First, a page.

Jelly Splash vs Candy Crush: it’s all about virality

Jelly Splash is a very fun new puzzle game from Wooga that’s rocketing up the charts. It’s a cross between Candy Crush Saga and Dots, both known for their insanely addictive gameplay, and Jelly Splash doesn’t disappoint on that front. You’ll be hooked – we promise!

jellysplash

Michail Katkoff has a good post highlighting the monetization improvements Jelly Splash implemented vs Candy Crush’s implementation. Michail highlights Jelly Splash’s use of virtual currency as a major reason they’ll see better monetization. This is spot-on, and explains why 85% of the top grossing games use virtual currency to monetize, and you should too.

But monetization isn’t the full story, which is what will make the Jelly Splash / Candy Crush battle (Skirmish of Sweets? Clash of Confections?) worth watching. Freemium success is a combination of Retention, Monetization, and Virality, and there’s a very complex balance.

Candy Crush doesn’t monetize particularly well on a per user basis. It has a below average ARPU index, Think Gaming’s measure of how well the game retains & monetizes players versus an average top grossing game. There’s lots of opportunity for improvement, and they wouldn’t dominate the top grossing games without something else.

Their success comes from the fact that they are a regular chart topper on the top free games list, which we estimate as 150,000-200,000 new installs daily (US/iOS). While some of this paid user acquisition, we think the more distinctive factor is the strong virality built into the game.

Candy Crush has smartly baked viral engagement into the core of their game, allowing non-paying gamers to avoid paying by sharing the game with their friends. Put differently, viral sharing and monetization are fungible. So while King takes a monetization hit, they are able to get tons of new users through viral means. In a world with steadily rising user acquisition costs, that can be a very smart formula.

Note that there’s lots of speculation here, and Jelly Splash has some great virality baked in too, which is what will make the Skirmish of Sweets so interesting. The results should provide some good data on the right balance of monetization and virality. Stay tuned….we’ll post updates as data flows through.

How to maximize in-app purchase revenue in games

Emily Greer at Kongregate has a great presentation from Casual Connect on maximizing revenue from in-app purchases:

She brought some great statistics from Kongregate’s games, a broad enough sample to see how differing strategies impact ARPU. A few things that she highlighted that we see come up repeatedly:

  1. Low entry prices don’t work. $0.99 in-app purchases don’t entice more people to purchase, and simply drags down the average purchase price and ARPU.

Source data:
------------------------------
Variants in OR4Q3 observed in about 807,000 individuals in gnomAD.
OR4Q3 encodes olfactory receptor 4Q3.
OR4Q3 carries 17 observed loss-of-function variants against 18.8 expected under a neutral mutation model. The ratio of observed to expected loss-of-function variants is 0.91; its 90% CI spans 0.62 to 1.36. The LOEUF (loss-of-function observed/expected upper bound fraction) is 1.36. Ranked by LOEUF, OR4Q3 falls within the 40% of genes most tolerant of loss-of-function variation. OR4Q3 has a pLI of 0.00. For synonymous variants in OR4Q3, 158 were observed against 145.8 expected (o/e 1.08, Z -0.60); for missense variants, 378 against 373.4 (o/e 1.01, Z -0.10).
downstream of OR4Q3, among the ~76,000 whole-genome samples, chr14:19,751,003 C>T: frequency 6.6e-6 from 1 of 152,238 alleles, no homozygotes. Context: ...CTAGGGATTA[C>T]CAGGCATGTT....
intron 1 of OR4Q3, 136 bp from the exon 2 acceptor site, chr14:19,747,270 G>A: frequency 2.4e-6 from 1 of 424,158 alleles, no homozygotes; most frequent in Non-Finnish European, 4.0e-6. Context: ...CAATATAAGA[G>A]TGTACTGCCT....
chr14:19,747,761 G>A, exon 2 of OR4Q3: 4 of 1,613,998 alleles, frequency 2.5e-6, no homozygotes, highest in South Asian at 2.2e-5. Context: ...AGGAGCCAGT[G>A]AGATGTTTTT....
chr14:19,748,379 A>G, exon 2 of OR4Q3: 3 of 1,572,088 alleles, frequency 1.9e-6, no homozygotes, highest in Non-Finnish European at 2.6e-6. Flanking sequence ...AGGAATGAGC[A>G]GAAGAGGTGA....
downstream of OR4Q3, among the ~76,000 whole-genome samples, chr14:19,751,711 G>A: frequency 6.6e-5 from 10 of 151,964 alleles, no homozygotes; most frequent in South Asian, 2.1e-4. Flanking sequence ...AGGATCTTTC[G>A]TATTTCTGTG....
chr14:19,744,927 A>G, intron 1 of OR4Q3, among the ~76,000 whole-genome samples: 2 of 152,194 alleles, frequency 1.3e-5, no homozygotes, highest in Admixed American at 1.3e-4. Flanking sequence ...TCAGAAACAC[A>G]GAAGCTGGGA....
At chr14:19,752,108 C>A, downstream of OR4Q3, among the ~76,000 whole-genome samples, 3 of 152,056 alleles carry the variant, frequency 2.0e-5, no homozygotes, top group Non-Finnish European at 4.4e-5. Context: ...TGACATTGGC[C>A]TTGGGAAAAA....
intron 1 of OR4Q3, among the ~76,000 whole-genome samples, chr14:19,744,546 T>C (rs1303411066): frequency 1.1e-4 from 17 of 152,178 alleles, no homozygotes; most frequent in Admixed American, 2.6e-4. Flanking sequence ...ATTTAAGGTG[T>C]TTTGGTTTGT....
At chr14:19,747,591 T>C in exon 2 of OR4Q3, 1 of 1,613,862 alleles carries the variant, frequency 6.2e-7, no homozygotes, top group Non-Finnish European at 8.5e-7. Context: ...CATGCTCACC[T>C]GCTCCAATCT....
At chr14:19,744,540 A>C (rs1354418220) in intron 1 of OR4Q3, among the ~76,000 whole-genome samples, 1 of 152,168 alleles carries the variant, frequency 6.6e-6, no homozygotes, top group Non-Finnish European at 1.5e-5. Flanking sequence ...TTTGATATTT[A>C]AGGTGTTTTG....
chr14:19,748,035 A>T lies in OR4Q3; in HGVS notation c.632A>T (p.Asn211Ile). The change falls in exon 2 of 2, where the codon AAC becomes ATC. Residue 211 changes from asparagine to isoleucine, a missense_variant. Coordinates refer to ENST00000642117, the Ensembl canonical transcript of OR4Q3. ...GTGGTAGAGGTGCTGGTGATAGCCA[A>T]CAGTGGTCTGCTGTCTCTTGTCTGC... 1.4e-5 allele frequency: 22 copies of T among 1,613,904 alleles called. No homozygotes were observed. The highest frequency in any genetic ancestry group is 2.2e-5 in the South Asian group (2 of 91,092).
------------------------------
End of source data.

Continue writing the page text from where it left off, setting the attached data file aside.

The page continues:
2. Big spenders represent 50%+ of revenue for high performing games. While they are less than 10% of users, they are critical for overall monetization. You need a strategy for how a user can engage
  3. Prices of in-app purchases are usually inelastic. Put differently, great games can raise prices on their in-app purchases and increase ARPU. (connect this to #1 and #2 for more justification)
  4. The highest earning games are all about retention. Games with great long-term retention keep the interest of big spenders and create an in-game economy that continues to provide reasons for them to spend over time.

Emily backs it up with lots of stats from Kongregate and some case studies. If you want to read about how to make more money, go read the piece. It’s full of gold nuggets from her hard won experience.

When you’re ready to put it into action, integrate Think Gaming’s SDK. We make it easy and automatic to uncover your own gold nuggets.

Mobile monetization is terrible! Or is it?

VentureBeat has a few sound bytes from Interpret’s forthcoming Gamebyte syndicated research report. A first read would have you believe that the sky is falling. Most notably, they cite lower monthly ARPU for mobile games and the fact that only 21% convert on in-app purchases. OMG – mobile monetization is terrible! 

But there’s a shiny silver lining. Free-to-play games are much more broadly penetrated: ~50 million people in the US play games on their phones, twice as many as play MMOs on PCs. And those 50 million people already generate as much revenue as MMOs, despite the fact that

  1. Smartphones aren’t fully penetrated
  2. The Android monetization experience is a hot mess and it’s the fastest growing smartphone OS.
  3. In-app purchase revenue is a new phenomenon where most game developers have a lot of work to optimize in-app pricing and positioning 

Our take? Yes, it’s early. And, yes, there’s lots of work to be done. But this rocket ship appears to be gathering steam in a way that portends very significant future growth.

Long live mobile monetization!